Both are extremely capable bikes that just happen to have retro styling. They were updated for Euro5 in 2021 and the XE has even featured in the James Bond film ‘No Time to Die’ and in Guy Martin’s TV reincarnation of Steve McQueen’s jump from The Great Escape.

The 2017 Triumph Street Scrambler

Triumph Street Scrambler/Scrambler 900 2017

The Triumph Street Scrambler, which was renamed the Scrambler 900 in 2023, is both the British firm’s ‘second generation’, all-new successor to its original 2006 Scrambler and is also the smaller, more basic, 900cc junior version to the Scrambler 1200 – all being derived from the Bonneville retro roadster. 

As such, it’s essentially a 900cc Bonneville T100 but with classic scrambler features such as an upswept exhaust, semi-knobbly tyres, larger 19-inch front wheel, wider trail handlebars and other cosmetic differences. As with the other 900s, power was improved from 54 to 64bhp in 2019, while the 2021 Street Scrambler was Euro5 compliant and renamed two years later. 

The 2006 Triumph Scrambler 900

Triumph Scrambler 900 2006-2016

One of the best of Triumph’s early Bonneville variants, the original 2006 Scrambler 900 was a trail-style variant of the Bonneville roadster inspired by the Steve McQueen-era early 1960s Triumph TR6 Trophy.

Accordingly, it gained higher trail bars, a larger 19-inch front wheel (both making it slightly roomier than the Bonneville), the latest 865cc engine and impressively authentic styling. 

Further improved with fuel injection and a larger tank in 2008, it proved so successful it helped spawn a new fashion for retro scramblers. Triumph created limited edition versions including the 2011 Steve McQueen Edition and the Triumph Scrambler lives on today as a three-bike family of its own.

The Triumph Thruxton R

Triumph Thruxton 1200 2016

The café racer-inspired Triumph Thruxton has evolved to become the most powerful, sophisticated and exotic of all the bikes in the Triumph Bonneville family. After the original, 2003 version, Triumph completely reworked the Thruxton when it launched its all-new Bonneville family in 2016. It got the most potent ‘high torque’ 96bhp version of the new 1200cc engine, racy low bars and extended tank and came in two versions: a ‘base’ version and an upspecced Thruxton ‘R’ with Brembo radial brakes, Showa inverted forks and Ohlins twin rear shocks. Both went and handled almost like a super naked – but with added retro style.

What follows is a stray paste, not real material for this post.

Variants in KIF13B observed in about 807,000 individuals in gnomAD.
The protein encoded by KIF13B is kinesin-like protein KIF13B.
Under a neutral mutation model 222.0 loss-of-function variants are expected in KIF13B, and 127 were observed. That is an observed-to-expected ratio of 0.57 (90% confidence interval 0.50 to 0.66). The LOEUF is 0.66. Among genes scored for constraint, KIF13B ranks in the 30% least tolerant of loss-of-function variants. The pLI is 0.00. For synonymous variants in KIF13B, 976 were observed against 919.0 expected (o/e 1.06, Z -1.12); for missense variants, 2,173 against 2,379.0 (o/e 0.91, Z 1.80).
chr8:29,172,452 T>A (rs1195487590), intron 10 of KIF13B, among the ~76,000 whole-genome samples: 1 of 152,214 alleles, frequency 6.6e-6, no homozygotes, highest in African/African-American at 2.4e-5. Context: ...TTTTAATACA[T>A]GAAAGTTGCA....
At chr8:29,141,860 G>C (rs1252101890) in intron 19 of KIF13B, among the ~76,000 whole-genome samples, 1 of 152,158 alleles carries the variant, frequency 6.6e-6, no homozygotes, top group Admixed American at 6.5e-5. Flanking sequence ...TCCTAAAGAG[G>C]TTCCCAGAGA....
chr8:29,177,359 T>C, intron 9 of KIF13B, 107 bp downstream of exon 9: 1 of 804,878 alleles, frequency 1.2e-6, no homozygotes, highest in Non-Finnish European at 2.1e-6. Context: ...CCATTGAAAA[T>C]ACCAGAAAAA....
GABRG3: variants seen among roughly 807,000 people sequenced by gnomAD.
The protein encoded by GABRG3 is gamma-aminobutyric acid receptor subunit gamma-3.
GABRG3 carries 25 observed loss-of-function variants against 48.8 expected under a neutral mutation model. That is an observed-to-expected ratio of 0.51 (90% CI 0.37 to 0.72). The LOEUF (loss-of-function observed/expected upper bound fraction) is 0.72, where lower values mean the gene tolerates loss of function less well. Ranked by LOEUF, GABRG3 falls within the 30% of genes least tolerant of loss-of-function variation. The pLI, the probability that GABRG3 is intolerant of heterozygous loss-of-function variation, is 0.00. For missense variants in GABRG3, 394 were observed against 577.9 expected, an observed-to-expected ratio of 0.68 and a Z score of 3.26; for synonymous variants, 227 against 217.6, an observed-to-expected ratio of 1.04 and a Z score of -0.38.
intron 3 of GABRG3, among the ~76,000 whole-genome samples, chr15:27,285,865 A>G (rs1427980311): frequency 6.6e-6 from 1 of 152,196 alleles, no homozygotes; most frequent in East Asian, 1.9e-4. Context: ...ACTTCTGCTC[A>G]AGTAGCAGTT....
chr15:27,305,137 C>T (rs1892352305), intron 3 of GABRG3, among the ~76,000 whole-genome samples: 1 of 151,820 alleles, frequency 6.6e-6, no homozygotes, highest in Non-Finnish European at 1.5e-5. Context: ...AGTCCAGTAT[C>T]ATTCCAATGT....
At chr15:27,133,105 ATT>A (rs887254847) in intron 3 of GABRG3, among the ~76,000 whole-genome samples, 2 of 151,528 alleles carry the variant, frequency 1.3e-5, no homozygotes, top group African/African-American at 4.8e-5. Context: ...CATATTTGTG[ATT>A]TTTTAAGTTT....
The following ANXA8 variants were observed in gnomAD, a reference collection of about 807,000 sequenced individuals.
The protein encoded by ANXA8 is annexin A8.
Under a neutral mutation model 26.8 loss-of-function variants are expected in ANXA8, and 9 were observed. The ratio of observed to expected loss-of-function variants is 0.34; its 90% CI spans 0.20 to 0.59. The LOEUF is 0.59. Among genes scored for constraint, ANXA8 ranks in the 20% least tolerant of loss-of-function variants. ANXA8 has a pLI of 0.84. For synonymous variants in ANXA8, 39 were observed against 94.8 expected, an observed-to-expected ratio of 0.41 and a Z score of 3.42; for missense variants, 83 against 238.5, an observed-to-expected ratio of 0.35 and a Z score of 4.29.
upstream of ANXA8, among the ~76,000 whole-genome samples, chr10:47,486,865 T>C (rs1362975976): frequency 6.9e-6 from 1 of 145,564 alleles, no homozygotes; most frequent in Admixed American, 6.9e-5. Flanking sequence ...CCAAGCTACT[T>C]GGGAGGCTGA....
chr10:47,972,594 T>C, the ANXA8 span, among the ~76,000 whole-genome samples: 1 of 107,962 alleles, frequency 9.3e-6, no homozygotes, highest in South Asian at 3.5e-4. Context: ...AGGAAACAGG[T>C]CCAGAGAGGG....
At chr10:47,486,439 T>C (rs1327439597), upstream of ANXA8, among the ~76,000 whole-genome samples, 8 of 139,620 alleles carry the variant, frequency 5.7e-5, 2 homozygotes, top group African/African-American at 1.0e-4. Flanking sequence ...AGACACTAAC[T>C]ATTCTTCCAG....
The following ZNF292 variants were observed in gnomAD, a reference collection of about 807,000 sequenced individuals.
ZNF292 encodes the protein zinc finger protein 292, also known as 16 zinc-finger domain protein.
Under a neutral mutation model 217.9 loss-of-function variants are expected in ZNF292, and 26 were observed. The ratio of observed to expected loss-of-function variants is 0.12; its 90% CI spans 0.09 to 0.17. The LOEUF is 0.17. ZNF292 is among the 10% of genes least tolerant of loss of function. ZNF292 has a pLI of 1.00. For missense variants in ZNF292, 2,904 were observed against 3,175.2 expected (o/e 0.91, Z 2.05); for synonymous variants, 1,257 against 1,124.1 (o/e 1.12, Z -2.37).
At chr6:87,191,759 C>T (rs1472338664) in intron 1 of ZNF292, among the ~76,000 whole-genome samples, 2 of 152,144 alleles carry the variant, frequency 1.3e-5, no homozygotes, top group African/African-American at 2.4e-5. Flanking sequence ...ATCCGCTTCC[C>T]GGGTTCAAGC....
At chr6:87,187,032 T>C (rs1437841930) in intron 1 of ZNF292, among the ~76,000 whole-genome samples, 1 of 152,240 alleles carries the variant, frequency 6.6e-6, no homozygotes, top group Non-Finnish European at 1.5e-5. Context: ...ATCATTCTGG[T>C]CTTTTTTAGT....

Both were replaced in by the even more potent 103bhp 2020 Thruxton RS, with lighter components and new Brembo M50 brakes.

The 2003 Triumph Thruxton 900

Triumph Thruxton 900 2003-2015

Triumph’s first model variant of its new 2001 Bonneville 800 was a fairly natural one – a ‘60s Rockers inspired café racer called the Triumph Thruxton – and also one of the most successful.

One-piece drop bars and a seat hump delivered the café racer look, an enlarged 865cc version of the 790cc parallel twin gave a little more power – 69bhp. But although hardly transformed or particularly fast, it was good-looking, fun to ride and affordable.

Fuel injection came in 2008 when production moved to Thailand and a few special editions, including the 2015 ‘Ace’, maintained interest until the all-new 2016 versions arrived.

The 2017 Triumph Street Cup

Triumph Street Cup 2017-2019

The Street Cup was launched in 2017 as the affordable, junior Bonneville café racer (next to the new Thruxton 1200) and as the spiritual successor to the old Thruxton 900.

As such its powered by the 54bhp, 900cc version of the new Bonneville parallel twin engine and has a fairly basic spec intended to keep prices down. Even so, its racy style is appealing and it’s accessible and affordable, although it wasn’t the success hoped for and was dropped in 2019. 

2021 Triumph Speed Twin

Triumph Speed Twin 1200 2019

The Triumph Speed Twin – a revival of a famous 1936 model name – is the ‘street sleeper’ of the British marque’s Bonneville Modern Classic range. 

Effectively a Bonneville T120 but with the engine and uprated chassis of the Thruxton 1200, it has the more upright comfort and sedate style of the retro roadster but with nearly all of the performance of the café racer. The 2021 Speed Twin was improved further with new USD forks, grippier tyres and uprated brakes.

The 2016 Triumph Street Twin 900

Triumph Street Twin/Speed Twin 900 2016

The Street Twin was introduced in 2016 as the most affordable, entry-level model in Triumph’s all-new Bonneville range. As such it has the lower performance, 54bhp 900cc engine and fairly basic chassis including cast wheels, although its output was increased to 64bhp with the 2019 Street Twin, which also received a few other updates including improved brakes and rider modes.

For 2022 it was renamed the Speed Twin 900 and, although not as cheap as it once was, it is also conspicuously higher-quality with a special ‘Chrome edition’ also offered. 

What to expect from the next Triumph Bonneville

As the heart of Triumph’s best-selling ‘Modern Classics’ family, the Bonneville is certain to remain a Triumph mainstay for years to come with repeated cosmetic and technical updates likely in the future.

Special limited edition versions prompted by events such as The Distinguished Gentleman’s Ride have become almost annual occurrences, while the recent Chrome editions are a great example of how Triumph continue to make the Bonneville stand out from the crowd.